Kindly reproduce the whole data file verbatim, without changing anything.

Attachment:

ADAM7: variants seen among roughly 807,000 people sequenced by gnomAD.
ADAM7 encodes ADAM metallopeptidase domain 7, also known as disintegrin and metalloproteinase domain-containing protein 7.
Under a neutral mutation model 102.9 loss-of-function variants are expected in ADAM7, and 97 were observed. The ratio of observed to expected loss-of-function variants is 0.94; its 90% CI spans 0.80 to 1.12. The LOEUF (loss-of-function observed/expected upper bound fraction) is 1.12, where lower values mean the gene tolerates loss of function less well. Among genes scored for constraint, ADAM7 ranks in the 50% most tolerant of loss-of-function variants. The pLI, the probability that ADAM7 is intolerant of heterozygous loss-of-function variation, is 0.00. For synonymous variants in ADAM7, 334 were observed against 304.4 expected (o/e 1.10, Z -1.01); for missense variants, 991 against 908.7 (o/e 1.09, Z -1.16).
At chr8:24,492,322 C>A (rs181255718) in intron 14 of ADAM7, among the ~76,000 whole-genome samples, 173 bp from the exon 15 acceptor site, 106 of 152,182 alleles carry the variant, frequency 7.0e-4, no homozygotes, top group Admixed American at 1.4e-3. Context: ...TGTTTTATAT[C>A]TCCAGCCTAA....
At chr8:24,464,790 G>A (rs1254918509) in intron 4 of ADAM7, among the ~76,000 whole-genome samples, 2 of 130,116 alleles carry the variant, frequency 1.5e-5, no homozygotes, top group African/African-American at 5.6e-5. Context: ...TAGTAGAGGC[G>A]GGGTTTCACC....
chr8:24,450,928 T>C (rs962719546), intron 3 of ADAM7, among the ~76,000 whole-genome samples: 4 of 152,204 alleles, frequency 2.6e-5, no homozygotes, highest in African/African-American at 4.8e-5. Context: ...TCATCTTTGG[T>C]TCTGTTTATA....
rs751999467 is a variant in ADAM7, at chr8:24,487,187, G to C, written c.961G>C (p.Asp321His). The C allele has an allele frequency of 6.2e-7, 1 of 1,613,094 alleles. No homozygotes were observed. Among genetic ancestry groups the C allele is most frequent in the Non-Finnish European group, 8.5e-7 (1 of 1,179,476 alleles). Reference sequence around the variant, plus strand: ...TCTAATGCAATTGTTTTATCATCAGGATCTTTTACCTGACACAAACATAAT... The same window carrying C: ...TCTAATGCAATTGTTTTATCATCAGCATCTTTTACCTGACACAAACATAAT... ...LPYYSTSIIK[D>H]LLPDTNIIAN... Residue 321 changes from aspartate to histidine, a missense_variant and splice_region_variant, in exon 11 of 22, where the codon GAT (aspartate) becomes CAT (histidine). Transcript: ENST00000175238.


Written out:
ADAM7: variants seen among roughly 807,000 people sequenced by gnomAD.
ADAM7 encodes ADAM metallopeptidase domain 7, also known as disintegrin and metalloproteinase domain-containing protein 7.
Under a neutral mutation model 102.9 loss-of-function variants are expected in ADAM7, and 97 were observed. The ratio of observed to expected loss-of-function variants is 0.94; its 90% CI spans 0.80 to 1.12. The LOEUF (loss-of-function observed/expected upper bound fraction) is 1.12, where lower values mean the gene tolerates loss of function less well. Among genes scored for constraint, ADAM7 ranks in the 50% most tolerant of loss-of-function variants. The pLI, the probability that ADAM7 is intolerant of heterozygous loss-of-function variation, is 0.00. For synonymous variants in ADAM7, 334 were observed against 304.4 expected (o/e 1.10, Z -1.01); for missense variants, 991 against 908.7 (o/e 1.09, Z -1.16).
At chr8:24,492,322 C>A (rs181255718) in intron 14 of ADAM7, among the ~76,000 whole-genome samples, 173 bp from the exon 15 acceptor site, 106 of 152,182 alleles carry the variant, frequency 7.0e-4, no homozygotes, top group Admixed American at 1.4e-3. Context: ...TGTTTTATAT[C>A]TCCAGCCTAA....
At chr8:24,464,790 G>A (rs1254918509) in intron 4 of ADAM7, among the ~76,000 whole-genome samples, 2 of 130,116 alleles carry the variant, frequency 1.5e-5, no homozygotes, top group African/African-American at 5.6e-5. Context: ...TAGTAGAGGC[G>A]GGGTTTCACC....
chr8:24,450,928 T>C (rs962719546), intron 3 of ADAM7, among the ~76,000 whole-genome samples: 4 of 152,204 alleles, frequency 2.6e-5, no homozygotes, highest in African/African-American at 4.8e-5. Context: ...TCATCTTTGG[T>C]TCTGTTTATA....
rs751999467 is a variant in ADAM7, at chr8:24,487,187, G to C, written c.961G>C (p.Asp321His). The C allele has an allele frequency of 6.2e-7, 1 of 1,613,094 alleles. No homozygotes were observed. Among genetic ancestry groups the C allele is most frequent in the Non-Finnish European group, 8.5e-7 (1 of 1,179,476 alleles). Reference sequence around the variant, plus strand: ...TCTAATGCAATTGTTTTATCATCAGGATCTTTTACCTGACACAAACATAAT... The same window carrying C: ...TCTAATGCAATTGTTTTATCATCAGCATCTTTTACCTGACACAAACATAAT... ...LPYYSTSIIK[D>H]LLPDTNIIAN... Residue 321 changes from aspartate to histidine, a missense_variant and splice_region_variant, in exon 11 of 22, where the codon GAT (aspartate) becomes CAT (histidine). Transcript: ENST00000175238.